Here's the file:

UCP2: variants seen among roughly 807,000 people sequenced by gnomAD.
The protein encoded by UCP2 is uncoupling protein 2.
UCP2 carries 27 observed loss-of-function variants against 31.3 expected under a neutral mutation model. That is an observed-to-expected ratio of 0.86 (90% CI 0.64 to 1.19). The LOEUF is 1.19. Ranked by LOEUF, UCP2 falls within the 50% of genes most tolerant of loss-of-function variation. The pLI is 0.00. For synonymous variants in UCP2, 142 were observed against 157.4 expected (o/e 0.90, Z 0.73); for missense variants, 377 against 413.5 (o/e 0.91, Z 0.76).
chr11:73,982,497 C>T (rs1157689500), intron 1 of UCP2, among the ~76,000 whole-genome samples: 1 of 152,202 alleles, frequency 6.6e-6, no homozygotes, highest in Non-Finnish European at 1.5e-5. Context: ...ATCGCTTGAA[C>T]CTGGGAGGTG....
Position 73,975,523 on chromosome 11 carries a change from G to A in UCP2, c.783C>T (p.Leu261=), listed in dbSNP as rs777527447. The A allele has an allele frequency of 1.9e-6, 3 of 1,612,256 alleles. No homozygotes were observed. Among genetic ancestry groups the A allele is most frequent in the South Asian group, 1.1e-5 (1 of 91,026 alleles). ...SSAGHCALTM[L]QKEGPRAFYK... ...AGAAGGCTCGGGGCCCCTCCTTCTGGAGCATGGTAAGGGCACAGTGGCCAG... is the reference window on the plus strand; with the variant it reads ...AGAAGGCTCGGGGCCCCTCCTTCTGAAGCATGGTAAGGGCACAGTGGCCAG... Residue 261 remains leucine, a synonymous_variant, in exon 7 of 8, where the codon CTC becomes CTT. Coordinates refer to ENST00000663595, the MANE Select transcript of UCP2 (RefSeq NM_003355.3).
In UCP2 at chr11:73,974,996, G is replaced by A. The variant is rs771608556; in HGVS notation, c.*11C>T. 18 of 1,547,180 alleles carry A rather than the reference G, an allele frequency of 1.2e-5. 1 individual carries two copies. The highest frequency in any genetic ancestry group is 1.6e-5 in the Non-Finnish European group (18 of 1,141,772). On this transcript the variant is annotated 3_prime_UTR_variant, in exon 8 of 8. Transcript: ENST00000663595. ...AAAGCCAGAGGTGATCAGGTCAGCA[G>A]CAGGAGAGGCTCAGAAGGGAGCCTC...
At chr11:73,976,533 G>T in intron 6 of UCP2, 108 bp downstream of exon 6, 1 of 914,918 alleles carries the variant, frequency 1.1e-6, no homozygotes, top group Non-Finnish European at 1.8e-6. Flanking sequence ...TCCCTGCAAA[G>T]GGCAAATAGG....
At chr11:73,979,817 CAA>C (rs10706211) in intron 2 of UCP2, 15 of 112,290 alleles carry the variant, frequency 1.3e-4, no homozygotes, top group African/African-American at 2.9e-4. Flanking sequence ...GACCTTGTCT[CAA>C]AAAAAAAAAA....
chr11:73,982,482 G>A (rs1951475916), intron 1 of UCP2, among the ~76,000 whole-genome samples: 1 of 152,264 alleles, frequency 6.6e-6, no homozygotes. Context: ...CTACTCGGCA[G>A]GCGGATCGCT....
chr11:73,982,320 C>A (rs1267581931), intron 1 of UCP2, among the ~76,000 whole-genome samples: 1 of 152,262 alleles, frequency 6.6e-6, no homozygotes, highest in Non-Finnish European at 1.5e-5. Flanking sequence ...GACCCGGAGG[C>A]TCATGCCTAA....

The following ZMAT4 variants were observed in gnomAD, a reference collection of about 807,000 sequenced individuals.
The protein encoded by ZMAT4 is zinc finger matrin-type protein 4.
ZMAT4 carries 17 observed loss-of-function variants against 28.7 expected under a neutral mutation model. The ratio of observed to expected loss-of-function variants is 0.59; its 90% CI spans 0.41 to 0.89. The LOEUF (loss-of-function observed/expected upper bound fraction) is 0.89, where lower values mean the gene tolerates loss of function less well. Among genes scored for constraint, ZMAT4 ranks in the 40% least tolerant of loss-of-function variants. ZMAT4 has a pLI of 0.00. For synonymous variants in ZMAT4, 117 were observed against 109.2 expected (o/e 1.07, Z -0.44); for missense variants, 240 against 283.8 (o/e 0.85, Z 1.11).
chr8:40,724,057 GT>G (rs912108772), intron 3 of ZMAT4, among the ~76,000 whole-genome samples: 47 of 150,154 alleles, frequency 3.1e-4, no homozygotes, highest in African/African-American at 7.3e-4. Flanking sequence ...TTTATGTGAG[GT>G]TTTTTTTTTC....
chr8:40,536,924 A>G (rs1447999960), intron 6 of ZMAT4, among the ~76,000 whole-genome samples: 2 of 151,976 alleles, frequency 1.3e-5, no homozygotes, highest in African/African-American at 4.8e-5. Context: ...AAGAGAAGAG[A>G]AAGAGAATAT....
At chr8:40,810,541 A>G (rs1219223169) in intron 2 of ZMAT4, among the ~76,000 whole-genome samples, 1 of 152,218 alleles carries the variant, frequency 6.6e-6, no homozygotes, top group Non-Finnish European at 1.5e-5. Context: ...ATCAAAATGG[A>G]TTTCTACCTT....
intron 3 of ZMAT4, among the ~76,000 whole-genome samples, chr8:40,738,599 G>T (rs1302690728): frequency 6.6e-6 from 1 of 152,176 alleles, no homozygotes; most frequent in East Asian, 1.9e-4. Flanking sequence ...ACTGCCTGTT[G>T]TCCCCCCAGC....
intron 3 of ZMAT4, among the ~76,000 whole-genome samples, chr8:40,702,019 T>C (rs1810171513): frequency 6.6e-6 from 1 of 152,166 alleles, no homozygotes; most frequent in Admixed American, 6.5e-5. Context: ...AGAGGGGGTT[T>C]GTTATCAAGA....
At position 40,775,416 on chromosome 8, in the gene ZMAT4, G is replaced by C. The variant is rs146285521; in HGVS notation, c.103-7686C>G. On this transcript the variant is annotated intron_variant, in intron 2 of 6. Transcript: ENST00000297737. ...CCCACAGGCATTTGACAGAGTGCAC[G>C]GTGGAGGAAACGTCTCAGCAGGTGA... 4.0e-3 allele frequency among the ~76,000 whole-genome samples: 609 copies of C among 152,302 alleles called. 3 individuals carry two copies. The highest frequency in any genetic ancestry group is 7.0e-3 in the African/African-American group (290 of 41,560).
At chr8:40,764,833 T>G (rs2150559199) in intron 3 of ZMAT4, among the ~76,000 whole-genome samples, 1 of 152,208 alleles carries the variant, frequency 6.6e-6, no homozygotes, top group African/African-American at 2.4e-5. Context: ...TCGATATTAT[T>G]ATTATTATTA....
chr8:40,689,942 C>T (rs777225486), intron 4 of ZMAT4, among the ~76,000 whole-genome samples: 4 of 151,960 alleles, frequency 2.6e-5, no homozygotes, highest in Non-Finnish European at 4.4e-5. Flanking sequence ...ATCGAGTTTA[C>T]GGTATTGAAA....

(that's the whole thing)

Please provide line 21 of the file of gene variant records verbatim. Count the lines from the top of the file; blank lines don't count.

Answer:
chr8:40,689,942 C>T (rs777225486), intron 4 of ZMAT4, among the ~76,000 whole-genome samples: 4 of 151,960 alleles, frequency 2.6e-5, no homozygotes, highest in Non-Finnish European at 4.4e-5. Flanking sequence ...ATCGAGTTTA[C>T]GGTATTGAAA....